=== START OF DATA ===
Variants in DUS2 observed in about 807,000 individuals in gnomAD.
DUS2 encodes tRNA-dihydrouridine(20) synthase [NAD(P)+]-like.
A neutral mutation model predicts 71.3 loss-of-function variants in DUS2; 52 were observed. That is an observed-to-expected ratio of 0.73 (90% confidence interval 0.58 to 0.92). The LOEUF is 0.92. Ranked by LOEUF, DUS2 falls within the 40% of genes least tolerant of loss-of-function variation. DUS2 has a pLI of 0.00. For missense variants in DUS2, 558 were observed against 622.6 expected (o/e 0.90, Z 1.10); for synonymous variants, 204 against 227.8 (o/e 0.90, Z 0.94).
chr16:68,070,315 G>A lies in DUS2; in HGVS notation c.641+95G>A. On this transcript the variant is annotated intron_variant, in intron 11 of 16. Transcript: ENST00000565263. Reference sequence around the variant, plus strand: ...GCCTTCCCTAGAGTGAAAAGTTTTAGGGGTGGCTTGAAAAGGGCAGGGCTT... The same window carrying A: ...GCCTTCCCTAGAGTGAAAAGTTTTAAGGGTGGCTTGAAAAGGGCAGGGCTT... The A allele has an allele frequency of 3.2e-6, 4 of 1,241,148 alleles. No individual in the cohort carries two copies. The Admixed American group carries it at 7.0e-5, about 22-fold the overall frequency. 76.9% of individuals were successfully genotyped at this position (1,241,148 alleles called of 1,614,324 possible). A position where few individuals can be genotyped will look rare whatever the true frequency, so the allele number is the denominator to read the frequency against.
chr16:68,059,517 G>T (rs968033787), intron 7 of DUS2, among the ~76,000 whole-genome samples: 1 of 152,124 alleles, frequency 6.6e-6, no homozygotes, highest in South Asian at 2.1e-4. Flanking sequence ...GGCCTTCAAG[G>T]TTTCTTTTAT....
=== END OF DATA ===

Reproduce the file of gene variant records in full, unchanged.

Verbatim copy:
Variants in DUS2 observed in about 807,000 individuals in gnomAD.
DUS2 encodes tRNA-dihydrouridine(20) synthase [NAD(P)+]-like.
A neutral mutation model predicts 71.3 loss-of-function variants in DUS2; 52 were observed. That is an observed-to-expected ratio of 0.73 (90% confidence interval 0.58 to 0.92). The LOEUF is 0.92. Ranked by LOEUF, DUS2 falls within the 40% of genes least tolerant of loss-of-function variation. DUS2 has a pLI of 0.00. For missense variants in DUS2, 558 were observed against 622.6 expected (o/e 0.90, Z 1.10); for synonymous variants, 204 against 227.8 (o/e 0.90, Z 0.94).
chr16:68,070,315 G>A lies in DUS2; in HGVS notation c.641+95G>A. On this transcript the variant is annotated intron_variant, in intron 11 of 16. Transcript: ENST00000565263. Reference sequence around the variant, plus strand: ...GCCTTCCCTAGAGTGAAAAGTTTTAGGGGTGGCTTGAAAAGGGCAGGGCTT... The same window carrying A: ...GCCTTCCCTAGAGTGAAAAGTTTTAAGGGTGGCTTGAAAAGGGCAGGGCTT... The A allele has an allele frequency of 3.2e-6, 4 of 1,241,148 alleles. No individual in the cohort carries two copies. The Admixed American group carries it at 7.0e-5, about 22-fold the overall frequency. 76.9% of individuals were successfully genotyped at this position (1,241,148 alleles called of 1,614,324 possible). A position where few individuals can be genotyped will look rare whatever the true frequency, so the allele number is the denominator to read the frequency against.
chr16:68,059,517 G>T (rs968033787), intron 7 of DUS2, among the ~76,000 whole-genome samples: 1 of 152,124 alleles, frequency 6.6e-6, no homozygotes, highest in South Asian at 2.1e-4. Flanking sequence ...GGCCTTCAAG[G>T]TTTCTTTTAT....